If you cut frequencies in the EQ and then turn the volume up louder, you are likely to cause damage quicker. Also, the HU will only boost a certain voltage. Once you meet that voltage, you cant boost more. Cutting will allow you to minimize the use of your EQ voltage.
So I'm still not clear on which approach is better, because it sounds like you've given a reason each way, unless I'm confused.

I'm not pushing my system hard enough to break anything, so at worst, sound quality suffers. I like my music loud, but not that loud. Plus I have the OEM Kicker sub, and its crossover greatly limits the bass that reaches the cabin speakers, so they're not taking nearly as much abuse as they might be otherwise.

So are you saying if I'm not cranking it up enough to damage anything, cutting EQ while boosting volume slightly is better than the opposite? In terms of sound quality.
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Old 08-11-2014, 10:18 AM   #295
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you dont tweak the EQ just to get more volume out of your system. You set the volume to your listening level and tune the EQ there.
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Old 08-11-2014, 10:27 AM   #296
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So I'm still not clear on which approach is better, because it sounds like you've given a reason each way, unless I'm confused.

I'm not pushing my system hard enough to break anything, so at worst, sound quality suffers. I like my music loud, but not that loud. Plus I have the OEM Kicker sub, and its crossover greatly limits the bass that reaches the cabin speakers, so they're not taking nearly as much abuse as they might be otherwise.

So are you saying if I'm not cranking it up enough to damage anything, cutting EQ while boosting volume slightly is better than the opposite? In terms of sound quality.
If your end game is louder, then quality speakers and a quality amp will get you that.

As bob stated, EQ is not to make your radio louder. It is simply to fine tune your system to get the best sound quality possible and to match your own personal tastes.

If you having trouble fully understanding it, try adjusting the EQ on your radio. Adjust each one separately, once you hear the difference, it may be easier for you to understand it.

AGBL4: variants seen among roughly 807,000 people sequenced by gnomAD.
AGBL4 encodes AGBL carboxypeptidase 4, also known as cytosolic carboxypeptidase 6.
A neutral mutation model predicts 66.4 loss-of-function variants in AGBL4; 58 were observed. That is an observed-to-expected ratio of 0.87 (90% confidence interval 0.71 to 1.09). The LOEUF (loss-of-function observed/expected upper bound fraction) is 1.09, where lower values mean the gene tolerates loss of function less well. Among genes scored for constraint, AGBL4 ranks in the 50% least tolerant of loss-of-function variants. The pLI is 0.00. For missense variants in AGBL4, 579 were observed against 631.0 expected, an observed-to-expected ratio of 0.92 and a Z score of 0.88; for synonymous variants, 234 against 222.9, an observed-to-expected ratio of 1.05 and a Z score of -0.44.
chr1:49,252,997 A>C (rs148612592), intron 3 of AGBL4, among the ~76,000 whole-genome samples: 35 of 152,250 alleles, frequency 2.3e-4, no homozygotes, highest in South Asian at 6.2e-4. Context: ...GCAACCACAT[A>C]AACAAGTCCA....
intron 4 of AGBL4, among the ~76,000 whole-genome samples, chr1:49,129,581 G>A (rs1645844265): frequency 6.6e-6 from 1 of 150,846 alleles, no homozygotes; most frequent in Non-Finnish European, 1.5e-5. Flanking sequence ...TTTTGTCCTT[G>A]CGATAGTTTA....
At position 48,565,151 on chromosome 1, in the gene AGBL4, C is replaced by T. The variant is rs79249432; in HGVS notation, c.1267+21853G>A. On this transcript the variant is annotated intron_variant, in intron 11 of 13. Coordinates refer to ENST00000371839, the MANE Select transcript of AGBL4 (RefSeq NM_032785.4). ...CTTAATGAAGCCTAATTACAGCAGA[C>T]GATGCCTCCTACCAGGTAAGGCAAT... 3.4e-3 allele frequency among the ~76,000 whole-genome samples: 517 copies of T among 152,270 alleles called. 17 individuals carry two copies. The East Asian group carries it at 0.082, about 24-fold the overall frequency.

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Old 08-11-2014, 10:54 AM   #297
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If your end game is louder, then quality speakers and a quality amp will get you that.

As bob stated, EQ is not to make your radio louder. It is simply to fine tune your system to get the best sound quality possible and to match your own personal tastes.

If you having trouble fully understanding it, try adjusting the EQ on your radio. Adjust each one separately, once you hear the difference, it may be easier for you to understand it.
I am well aware of what the EQ is for, thank you. If you read back through some of the more recent posts in this thread, you'll see that what we we've been talking about is (in part) the difference between boosting EQ at one volume vs. cutting EQ at a slightly higher volume, yielding the same effective volume level either way.

For instance, I could create a typical "rock EQ" curve by running B+5, M 0, T+3, or by running B 0, M-5, T-2. The relative differences between the values are the same in both cases, and the frequency curve would be about the same shape, but I'd have to turn up the volume a notch or two to get the same effective volume in the second case.

And my question to bobditts was, which way would yield better sound quality given the performance characteristics of the sound system as he's measured them: boosting EQ at a slightly lower volume, or cutting EQ at a slightly higher volume.